Pharmacy benefits managers vilified before House panel
Thursday, February 19, 2004
By Bill Toland,
Post-Gazette Harrisburg Bureau
HARRISBURG -- Abuses by pharmacy benefits managers -- middleman
companies that are supposed to help private health plans bargain for
lower-cost prescription drugs -- have cost American consumers nearly $4
billion over the past two years, according to testimony yesterday in
A hearing before the House Insurance Committee sought to shed light on
the inner workings of benefits managers, which use bulk purchasing power
to negotiate discount drug rates.
Critics and litigants accuse benefits companies of persuading doctors
to switch patients to pricier medications, striking kickback deals with
big drug firms, underfilling prescriptions and hiding the value of their
They have also accused the companies of steering doctors and private
health plans toward their own mail-order pharmacies and repackaging pills
into smaller, costlier, doses.
At the center of yesterday's hearing was a House bill that would impose
stiffer regulations on the benefits companies and force them to register
with the state, something required in 44 other states, but not here.
State Rep. Don Walko, D-North Side, introduced the bill last spring. It
got a boost last autumn when Medco Health Solutions Inc., a benefits
manager from New Jersey, was sued by the U.S. Attorney's office in
Philadelphia. The fraud suit accused the company of surreptitiously
forcing on its clients drugs made by Medco's old parent firm, Merck &
The new law would require benefits managers to obtain a "certificate of
authority" before they could operate in Pennsylvania. It would also ask
the managers to divulge relationships with sister or in-house drug
distributors, as well as all incentive and rebate arrangements with
Benefits managers say that would be akin to giving away trade secrets
and negotiating strategies.
"We would be treated differently than any other business that buys
goods and sells them at a cost," said Allen Horne, a vice president with
Caremark Rx Inc., one of the top four benefits managers in the United
Collectively, the top four benefits managers control 77 percent of the
U.S. mail-order prescription market, and when Caremark's proposed $5.8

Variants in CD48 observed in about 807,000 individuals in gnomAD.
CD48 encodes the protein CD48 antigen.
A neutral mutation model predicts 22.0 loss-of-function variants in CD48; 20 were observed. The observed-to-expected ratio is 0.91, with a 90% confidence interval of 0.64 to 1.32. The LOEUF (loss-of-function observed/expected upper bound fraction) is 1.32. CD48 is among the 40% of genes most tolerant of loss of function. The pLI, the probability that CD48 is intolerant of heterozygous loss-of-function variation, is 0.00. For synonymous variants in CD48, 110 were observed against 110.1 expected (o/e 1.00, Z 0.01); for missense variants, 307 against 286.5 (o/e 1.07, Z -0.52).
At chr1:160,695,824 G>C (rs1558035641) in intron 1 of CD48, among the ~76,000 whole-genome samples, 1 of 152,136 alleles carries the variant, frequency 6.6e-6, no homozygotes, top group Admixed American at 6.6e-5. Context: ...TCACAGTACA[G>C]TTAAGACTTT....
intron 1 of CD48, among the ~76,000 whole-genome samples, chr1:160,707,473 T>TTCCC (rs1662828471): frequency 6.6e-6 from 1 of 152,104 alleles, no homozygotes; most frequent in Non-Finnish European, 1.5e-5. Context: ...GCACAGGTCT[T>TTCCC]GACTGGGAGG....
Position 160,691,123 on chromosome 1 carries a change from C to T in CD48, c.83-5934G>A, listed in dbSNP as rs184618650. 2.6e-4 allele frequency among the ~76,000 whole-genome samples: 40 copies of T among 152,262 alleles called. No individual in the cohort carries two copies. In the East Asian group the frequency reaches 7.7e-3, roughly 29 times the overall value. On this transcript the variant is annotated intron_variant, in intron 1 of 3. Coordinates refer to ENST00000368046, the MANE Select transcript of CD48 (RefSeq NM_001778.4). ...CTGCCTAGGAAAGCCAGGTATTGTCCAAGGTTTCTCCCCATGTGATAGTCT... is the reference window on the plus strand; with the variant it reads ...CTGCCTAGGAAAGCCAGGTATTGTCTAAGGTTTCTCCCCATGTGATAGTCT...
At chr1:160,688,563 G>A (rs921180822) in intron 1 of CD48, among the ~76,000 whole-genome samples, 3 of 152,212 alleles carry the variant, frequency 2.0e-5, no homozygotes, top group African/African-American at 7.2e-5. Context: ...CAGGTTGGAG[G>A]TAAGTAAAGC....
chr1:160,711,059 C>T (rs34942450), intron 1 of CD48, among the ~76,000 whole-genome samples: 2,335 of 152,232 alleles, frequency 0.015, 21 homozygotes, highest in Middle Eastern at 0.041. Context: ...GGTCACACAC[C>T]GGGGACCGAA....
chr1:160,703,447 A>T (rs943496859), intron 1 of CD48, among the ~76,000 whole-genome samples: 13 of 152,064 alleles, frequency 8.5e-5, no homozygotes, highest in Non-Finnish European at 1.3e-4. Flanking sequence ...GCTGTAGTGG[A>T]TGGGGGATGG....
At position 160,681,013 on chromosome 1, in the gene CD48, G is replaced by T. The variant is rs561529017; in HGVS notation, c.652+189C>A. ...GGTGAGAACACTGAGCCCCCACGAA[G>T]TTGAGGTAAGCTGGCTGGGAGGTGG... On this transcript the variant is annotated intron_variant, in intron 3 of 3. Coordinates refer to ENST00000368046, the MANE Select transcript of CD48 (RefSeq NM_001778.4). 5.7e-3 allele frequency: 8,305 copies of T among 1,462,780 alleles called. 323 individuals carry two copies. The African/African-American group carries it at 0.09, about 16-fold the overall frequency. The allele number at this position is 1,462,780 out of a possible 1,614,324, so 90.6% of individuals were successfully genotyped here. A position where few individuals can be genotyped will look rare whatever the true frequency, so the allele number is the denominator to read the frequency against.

billion acquisition of rival firm AdvancePCS is finalized next month, only
three benefits firms will remain at the top of the heap.
While focusing on the convoluted arrangements among benefits managers,
doctors, pharmacists, drug companies and, eventually, patients,
yesterday's hearing also illustrated the complex regulatory atmosphere
that makes it difficult to keep watch on benefits managers.
From state to state, the companies and the contracts they negotiate are
regulated, to varying degrees, by insurance departments, health
departments, pharmacy boards and stand-alone state laws.
Melanie Horvath, executive director of the Pennsylvania Pharmacy
Council, said that the layers of regulation are needed to prevent benefits
managers from inflating drug costs by steering doctors and patients toward
"preferred drug" lists. The lists, often compiled by an outside board,
sometimes include generic versions of well-known drugs, but can also
include more expensive brand-name drugs.
Prescription benefits managers, Horvath contended, can switch
prescriptions on unknowing patients if the contract between a health
insurance provider and the benefits managers offers that leeway. "You're
once again taking more and more power away from [consumers] to determine
their own health care," she said.
Horne said his company always consults with the prescribing doctor
before making the switch, and eventually notifies the patient.
Legislators on the insurance committee said that private employers,
even when aided by consultants, aren't very savvy when it comes to
negotiating prescription contracts, and suggested benefits managers take
advantage of contract loopholes.
"Most of them, you can drive a truck through," said state Rep. Steve
Nickol, R-York, who has reviewed some of the contracts. "The lack of
sophistication has amazed me."
(Bill Toland can be reached at email@example.com or
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